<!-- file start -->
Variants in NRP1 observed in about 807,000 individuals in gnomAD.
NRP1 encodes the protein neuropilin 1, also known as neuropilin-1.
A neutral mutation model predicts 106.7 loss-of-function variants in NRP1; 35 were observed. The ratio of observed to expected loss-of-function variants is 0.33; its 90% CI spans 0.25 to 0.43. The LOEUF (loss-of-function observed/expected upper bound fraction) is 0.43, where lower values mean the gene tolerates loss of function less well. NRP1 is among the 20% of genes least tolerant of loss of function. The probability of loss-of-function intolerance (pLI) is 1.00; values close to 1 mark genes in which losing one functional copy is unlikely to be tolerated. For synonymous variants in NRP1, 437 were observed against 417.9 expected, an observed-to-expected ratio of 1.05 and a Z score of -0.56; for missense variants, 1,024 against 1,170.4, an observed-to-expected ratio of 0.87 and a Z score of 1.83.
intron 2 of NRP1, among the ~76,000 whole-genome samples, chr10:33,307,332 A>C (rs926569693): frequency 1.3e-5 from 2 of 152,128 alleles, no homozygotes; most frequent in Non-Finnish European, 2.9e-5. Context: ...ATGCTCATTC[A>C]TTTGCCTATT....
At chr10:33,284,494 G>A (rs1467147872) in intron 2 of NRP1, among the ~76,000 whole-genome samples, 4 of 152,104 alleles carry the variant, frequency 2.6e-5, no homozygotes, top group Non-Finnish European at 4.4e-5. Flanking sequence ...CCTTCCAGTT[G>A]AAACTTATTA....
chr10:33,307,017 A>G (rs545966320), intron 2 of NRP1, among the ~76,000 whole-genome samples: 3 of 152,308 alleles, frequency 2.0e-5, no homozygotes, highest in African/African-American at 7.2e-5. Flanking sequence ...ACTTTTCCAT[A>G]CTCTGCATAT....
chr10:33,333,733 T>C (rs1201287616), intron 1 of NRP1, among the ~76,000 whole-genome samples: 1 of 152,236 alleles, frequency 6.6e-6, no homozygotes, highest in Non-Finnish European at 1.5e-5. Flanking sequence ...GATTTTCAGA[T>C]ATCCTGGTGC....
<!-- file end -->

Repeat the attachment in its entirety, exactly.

Variants in NRP1 observed in about 807,000 individuals in gnomAD.
NRP1 encodes the protein neuropilin 1, also known as neuropilin-1.
A neutral mutation model predicts 106.7 loss-of-function variants in NRP1; 35 were observed. The ratio of observed to expected loss-of-function variants is 0.33; its 90% CI spans 0.25 to 0.43. The LOEUF (loss-of-function observed/expected upper bound fraction) is 0.43, where lower values mean the gene tolerates loss of function less well. NRP1 is among the 20% of genes least tolerant of loss of function. The probability of loss-of-function intolerance (pLI) is 1.00; values close to 1 mark genes in which losing one functional copy is unlikely to be tolerated. For synonymous variants in NRP1, 437 were observed against 417.9 expected, an observed-to-expected ratio of 1.05 and a Z score of -0.56; for missense variants, 1,024 against 1,170.4, an observed-to-expected ratio of 0.87 and a Z score of 1.83.
intron 2 of NRP1, among the ~76,000 whole-genome samples, chr10:33,307,332 A>C (rs926569693): frequency 1.3e-5 from 2 of 152,128 alleles, no homozygotes; most frequent in Non-Finnish European, 2.9e-5. Context: ...ATGCTCATTC[A>C]TTTGCCTATT....
At chr10:33,284,494 G>A (rs1467147872) in intron 2 of NRP1, among the ~76,000 whole-genome samples, 4 of 152,104 alleles carry the variant, frequency 2.6e-5, no homozygotes, top group Non-Finnish European at 4.4e-5. Flanking sequence ...CCTTCCAGTT[G>A]AAACTTATTA....
chr10:33,307,017 A>G (rs545966320), intron 2 of NRP1, among the ~76,000 whole-genome samples: 3 of 152,308 alleles, frequency 2.0e-5, no homozygotes, highest in African/African-American at 7.2e-5. Flanking sequence ...ACTTTTCCAT[A>G]CTCTGCATAT....
chr10:33,333,733 T>C (rs1201287616), intron 1 of NRP1, among the ~76,000 whole-genome samples: 1 of 152,236 alleles, frequency 6.6e-6, no homozygotes, highest in Non-Finnish European at 1.5e-5. Flanking sequence ...GATTTTCAGA[T>C]ATCCTGGTGC....